On the use of HPC for estimating wind energy resources in complex terrain: limitations of mesoscale modeling

Mesoscale NWP models are widely used for estimation of wind resources, but are limited by their resolution in capturing local-scale variations in wind climates in complex terrain. To enable better estimations, the HPCWE project will improve methodologies and HPC-related aspects of meso-micro coupled approaches, wherein local effects are captured by a high-resolution model coupled to the mesoscale model. In this blogpost we will show some of the limitations of mesoscale modeling in capturing the local wind climate, exemplified by the complex site Perdigão in Portugal

The Perdigão site in Portugal, shown in Fig. 1, consists of two parallel ridges stretching along the northwest-southeast diagonal, perpendicular to the two predominant wind directions: southwest and northeast. During the New European Wind Atlas (NEWA) project, the site was extensively instrumented and monitored (Fernando et al., 2019). The intensive measurement campaign was in the spring and summer of 2017, but measurements from tall meteorological masts continued until spring 2018.

The Perdigão site requires high-resolution modeling to resolve the local wind climate variations, which includes speed-up of the flow over the ridges and slow-down of the flow, or even recirculation, and turning of the wind in the central valley. To illustrate this, we here present mesoscale results from simulations of Perdigão conducted by DTU Wind Energy and compare them with measurements from four of the tall meteorological masts. The measurement cover a period totaling about 5 months, primarily from the spring and summer months in 2017 and the winter months of 2017/2018.

Figure 1: Elevation around the Perdigão double-hill site. Four of the instrumented meteorological masts (mast 20, 25, 27, and 29) are also shown. The easting and northing are shown in the local TM06 projection. (Unpublished results)

In figure 2 the terrain elevation and positions of the four masts is shown along the transect through the masts.

Figure 2: The elevation of the terrain and positions of masts at Perdigão, following a trajectory across the central valley parallel with predominant wind direction. The height above ground level of the top sonic anemometers for each mast is also indicated (100 or 60 m). (Unpublished results)

The mesoscale simulations were carried out using the Weather Research and Forecasting (WRF) model, using four nested domains zooming into the Perdigão region, going from a horizontal grid spacing of 27 x 27 km (d01) to 9 x 9 km (d02), 3 x 3 km (d03), and finally 1 x 1 km (d04). The outermost WRF domain received lateral boundary conditions from the ERA5 reanalysis.

Figure 3: Profiles of the 5-month mean wind speed for the observations (black) and the models (gray and colors) for the four masts. (Unpublished results)

Figure 3 shows the profiles of mean wind speed for the observations and models. The two ridge top masts show similar profiles of measured mean wind speed, while it is considerably lower for the valley masts. Respectively, ERA5 and WRF d02 have a horizontal grid-spacing of approx. 27 x 27 km and 9 x 9 km, and hence show practically no difference in mean wind speeds between the four positions. WRF d03 and especially d04 show some variations in mean wind speed between the masts, but cannot accurately capture the correct variations, ending up with large overestimations in the valley.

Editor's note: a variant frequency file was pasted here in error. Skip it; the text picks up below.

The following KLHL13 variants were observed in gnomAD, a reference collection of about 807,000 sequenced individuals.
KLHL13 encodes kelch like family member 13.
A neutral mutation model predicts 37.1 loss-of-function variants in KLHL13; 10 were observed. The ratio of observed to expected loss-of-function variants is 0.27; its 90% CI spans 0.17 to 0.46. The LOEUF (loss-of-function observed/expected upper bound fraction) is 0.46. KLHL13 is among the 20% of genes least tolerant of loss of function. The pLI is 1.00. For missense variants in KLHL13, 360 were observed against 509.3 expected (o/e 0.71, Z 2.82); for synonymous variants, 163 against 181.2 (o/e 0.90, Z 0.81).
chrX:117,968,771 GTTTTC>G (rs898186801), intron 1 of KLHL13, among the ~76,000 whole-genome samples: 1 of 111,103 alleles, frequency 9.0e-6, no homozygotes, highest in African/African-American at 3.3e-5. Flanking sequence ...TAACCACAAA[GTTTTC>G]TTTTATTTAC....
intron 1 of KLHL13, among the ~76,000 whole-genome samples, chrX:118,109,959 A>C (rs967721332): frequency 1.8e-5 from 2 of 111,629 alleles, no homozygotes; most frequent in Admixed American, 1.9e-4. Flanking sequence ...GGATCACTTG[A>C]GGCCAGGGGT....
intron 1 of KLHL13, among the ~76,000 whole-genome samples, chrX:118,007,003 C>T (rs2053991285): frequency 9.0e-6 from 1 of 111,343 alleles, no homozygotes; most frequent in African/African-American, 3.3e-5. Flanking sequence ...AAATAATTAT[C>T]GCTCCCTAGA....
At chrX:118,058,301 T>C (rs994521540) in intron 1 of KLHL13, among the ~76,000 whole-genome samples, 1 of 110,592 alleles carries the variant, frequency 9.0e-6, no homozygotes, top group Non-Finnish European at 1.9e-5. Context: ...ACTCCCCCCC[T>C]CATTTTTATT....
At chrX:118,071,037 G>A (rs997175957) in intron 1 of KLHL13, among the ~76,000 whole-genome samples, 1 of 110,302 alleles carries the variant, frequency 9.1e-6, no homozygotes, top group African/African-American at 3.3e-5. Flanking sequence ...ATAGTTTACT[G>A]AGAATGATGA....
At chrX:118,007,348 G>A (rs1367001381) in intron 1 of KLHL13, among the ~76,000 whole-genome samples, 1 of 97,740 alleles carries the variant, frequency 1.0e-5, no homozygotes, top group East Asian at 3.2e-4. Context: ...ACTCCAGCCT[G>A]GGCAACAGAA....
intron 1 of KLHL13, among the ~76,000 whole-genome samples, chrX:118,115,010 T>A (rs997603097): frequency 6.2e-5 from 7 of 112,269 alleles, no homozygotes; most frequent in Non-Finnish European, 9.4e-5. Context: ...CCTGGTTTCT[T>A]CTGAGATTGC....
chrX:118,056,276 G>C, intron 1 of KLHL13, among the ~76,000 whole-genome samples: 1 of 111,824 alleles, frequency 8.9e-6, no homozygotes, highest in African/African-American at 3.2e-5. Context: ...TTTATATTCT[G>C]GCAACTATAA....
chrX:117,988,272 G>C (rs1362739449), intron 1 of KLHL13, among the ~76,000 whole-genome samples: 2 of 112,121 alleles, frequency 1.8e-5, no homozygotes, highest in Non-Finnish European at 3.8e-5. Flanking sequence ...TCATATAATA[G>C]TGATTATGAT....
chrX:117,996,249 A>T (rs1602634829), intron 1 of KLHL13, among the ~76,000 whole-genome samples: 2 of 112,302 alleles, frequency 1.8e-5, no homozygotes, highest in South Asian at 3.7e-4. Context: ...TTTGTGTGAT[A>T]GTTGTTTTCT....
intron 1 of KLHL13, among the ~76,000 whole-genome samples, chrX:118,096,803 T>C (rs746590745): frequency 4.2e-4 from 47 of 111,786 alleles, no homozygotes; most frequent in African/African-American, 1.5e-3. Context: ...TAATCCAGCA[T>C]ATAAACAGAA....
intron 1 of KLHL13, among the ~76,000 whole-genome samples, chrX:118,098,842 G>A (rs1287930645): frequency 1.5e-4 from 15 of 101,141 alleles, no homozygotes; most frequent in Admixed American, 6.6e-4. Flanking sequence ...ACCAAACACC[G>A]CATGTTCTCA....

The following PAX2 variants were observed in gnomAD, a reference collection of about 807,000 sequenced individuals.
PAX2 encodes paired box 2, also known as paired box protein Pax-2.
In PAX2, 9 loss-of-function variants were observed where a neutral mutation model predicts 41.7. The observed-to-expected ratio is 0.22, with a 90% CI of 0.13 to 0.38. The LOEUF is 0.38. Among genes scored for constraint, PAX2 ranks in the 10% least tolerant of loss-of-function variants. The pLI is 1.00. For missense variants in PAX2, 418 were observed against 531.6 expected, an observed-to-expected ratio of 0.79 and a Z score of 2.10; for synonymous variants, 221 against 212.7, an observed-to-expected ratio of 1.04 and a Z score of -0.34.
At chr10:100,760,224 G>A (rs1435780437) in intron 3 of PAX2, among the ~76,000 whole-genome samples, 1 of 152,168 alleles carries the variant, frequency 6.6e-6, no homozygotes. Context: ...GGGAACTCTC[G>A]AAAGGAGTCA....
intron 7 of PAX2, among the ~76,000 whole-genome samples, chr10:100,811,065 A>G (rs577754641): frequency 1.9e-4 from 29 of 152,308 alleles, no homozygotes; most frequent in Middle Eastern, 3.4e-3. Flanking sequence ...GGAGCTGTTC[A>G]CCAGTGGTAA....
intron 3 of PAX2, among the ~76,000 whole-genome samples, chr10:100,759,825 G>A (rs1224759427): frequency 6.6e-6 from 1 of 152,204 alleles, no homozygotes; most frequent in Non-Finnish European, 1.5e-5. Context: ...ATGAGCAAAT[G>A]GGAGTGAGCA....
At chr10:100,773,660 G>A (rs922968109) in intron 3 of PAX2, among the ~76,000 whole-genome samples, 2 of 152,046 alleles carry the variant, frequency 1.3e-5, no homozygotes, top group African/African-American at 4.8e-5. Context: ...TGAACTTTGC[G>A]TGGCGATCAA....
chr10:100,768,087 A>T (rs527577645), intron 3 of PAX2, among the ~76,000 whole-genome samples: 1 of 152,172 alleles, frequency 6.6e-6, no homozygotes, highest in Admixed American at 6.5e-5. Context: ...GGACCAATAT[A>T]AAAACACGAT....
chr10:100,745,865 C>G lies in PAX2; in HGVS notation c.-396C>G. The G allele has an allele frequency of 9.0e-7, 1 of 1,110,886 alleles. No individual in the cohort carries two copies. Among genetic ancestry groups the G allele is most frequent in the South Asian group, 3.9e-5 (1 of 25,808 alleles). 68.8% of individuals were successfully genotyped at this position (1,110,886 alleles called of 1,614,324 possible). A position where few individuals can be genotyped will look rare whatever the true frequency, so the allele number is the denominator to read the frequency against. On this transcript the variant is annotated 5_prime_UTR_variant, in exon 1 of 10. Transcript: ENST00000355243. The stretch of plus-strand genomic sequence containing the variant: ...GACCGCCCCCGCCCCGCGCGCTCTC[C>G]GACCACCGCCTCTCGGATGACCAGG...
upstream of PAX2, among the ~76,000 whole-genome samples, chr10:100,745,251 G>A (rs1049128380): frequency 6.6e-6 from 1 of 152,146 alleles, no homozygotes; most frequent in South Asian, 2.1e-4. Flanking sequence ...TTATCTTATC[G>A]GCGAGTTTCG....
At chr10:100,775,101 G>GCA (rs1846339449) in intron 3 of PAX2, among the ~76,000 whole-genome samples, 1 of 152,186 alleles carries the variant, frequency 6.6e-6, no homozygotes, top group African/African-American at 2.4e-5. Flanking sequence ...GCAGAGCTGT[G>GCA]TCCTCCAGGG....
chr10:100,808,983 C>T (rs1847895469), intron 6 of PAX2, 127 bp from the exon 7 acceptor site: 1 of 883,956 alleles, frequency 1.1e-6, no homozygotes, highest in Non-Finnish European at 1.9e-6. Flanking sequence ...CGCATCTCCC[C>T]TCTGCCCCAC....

For wind resource assessment, it is important to capture the full distributions of wind speed and direction (and other “site” condition variables, but we leave that for now), not just the average conditions. In Fig 4., The wind speed distributions for a number of heights are shown for each mast. It indicates that even though the mean wind speed is captured well by WRF d03 and d04 at the two ridge tops, the distribution is not. Instead, we see too much probability mass at the extreme ends of the distribution (very low and very high wind speed) and an underestimation of the probability mass in the mid-range of wind speeds.

Figure 4: Wind speed probability mass functions (PMF) for the observations and models at selected heights for the four masts. The PMF’s have been arbitrarily scaled in the y-direction for better qualitative assessment. (Unpublished results)

Finally, capturing variations in wind direction distribution is also of vital importance. In figure 5, wind roses for several heights at each mast is shown. ERA5 and WRF d02 have not captured the windrose well, even at the top of mast M20 and M29. This indicates that the meso- or intermediate-scale effects of topographical features in the region, such as the Serra da Estrela complex to the northwest of Perdigao, have not been well resolved in the models. WRF d03 and d04 have captured much more of the mesoscale flow patterns, indicated by the relative improvement at the top of M20 and M29, but have not resolved the central valley, and thus have more-or-less the same windrose for all masts and heights above ground level.

Figure 5: Windroses for the observations and models at selected heights for the four masts. (Unpublished results)

In the HPCWE project, the WRF results presented here are used by DTU Wind Energy and EDF to drive microscale models in order to capture the local wind climate variations , following in the two approaches outlined in this earlier blog post.


Fernando, H.J.S., Mann, J., Palma, J.M.L.M., Lundquist, J.K., Barthelmie, R.J., Belo-Pereira, M., Brown, W.O.J., Chow, F.K., Gerz, T., Hocut, C.M. and Klein, P.M., 2019. The Perdigao: Peering into microscale details of mountain winds. Bulletin of the American Meteorological Society, 100(5), pp.799-819.